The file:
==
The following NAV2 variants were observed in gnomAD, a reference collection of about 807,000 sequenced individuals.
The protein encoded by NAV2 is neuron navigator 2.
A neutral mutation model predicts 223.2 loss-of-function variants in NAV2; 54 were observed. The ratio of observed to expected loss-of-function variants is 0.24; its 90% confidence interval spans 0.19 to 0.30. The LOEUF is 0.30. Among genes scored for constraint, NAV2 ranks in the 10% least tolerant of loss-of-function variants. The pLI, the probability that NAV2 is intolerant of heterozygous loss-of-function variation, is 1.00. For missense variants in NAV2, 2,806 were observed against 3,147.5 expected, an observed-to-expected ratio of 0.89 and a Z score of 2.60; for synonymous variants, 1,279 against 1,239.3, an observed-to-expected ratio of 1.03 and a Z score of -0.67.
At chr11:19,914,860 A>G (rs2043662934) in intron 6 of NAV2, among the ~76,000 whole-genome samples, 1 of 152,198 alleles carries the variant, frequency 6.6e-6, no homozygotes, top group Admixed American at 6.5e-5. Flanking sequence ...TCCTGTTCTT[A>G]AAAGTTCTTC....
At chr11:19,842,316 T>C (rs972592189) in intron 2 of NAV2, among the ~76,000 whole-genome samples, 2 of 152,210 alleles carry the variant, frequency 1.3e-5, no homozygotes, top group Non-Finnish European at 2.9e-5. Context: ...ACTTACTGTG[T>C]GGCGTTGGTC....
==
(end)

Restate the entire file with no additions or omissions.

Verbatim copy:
The following NAV2 variants were observed in gnomAD, a reference collection of about 807,000 sequenced individuals.
The protein encoded by NAV2 is neuron navigator 2.
A neutral mutation model predicts 223.2 loss-of-function variants in NAV2; 54 were observed. The ratio of observed to expected loss-of-function variants is 0.24; its 90% confidence interval spans 0.19 to 0.30. The LOEUF is 0.30. Among genes scored for constraint, NAV2 ranks in the 10% least tolerant of loss-of-function variants. The pLI, the probability that NAV2 is intolerant of heterozygous loss-of-function variation, is 1.00. For missense variants in NAV2, 2,806 were observed against 3,147.5 expected, an observed-to-expected ratio of 0.89 and a Z score of 2.60; for synonymous variants, 1,279 against 1,239.3, an observed-to-expected ratio of 1.03 and a Z score of -0.67.
At chr11:19,914,860 A>G (rs2043662934) in intron 6 of NAV2, among the ~76,000 whole-genome samples, 1 of 152,198 alleles carries the variant, frequency 6.6e-6, no homozygotes, top group Admixed American at 6.5e-5. Flanking sequence ...TCCTGTTCTT[A>G]AAAGTTCTTC....
At chr11:19,842,316 T>C (rs972592189) in intron 2 of NAV2, among the ~76,000 whole-genome samples, 2 of 152,210 alleles carry the variant, frequency 1.3e-5, no homozygotes, top group Non-Finnish European at 2.9e-5. Context: ...ACTTACTGTG[T>C]GGCGTTGGTC....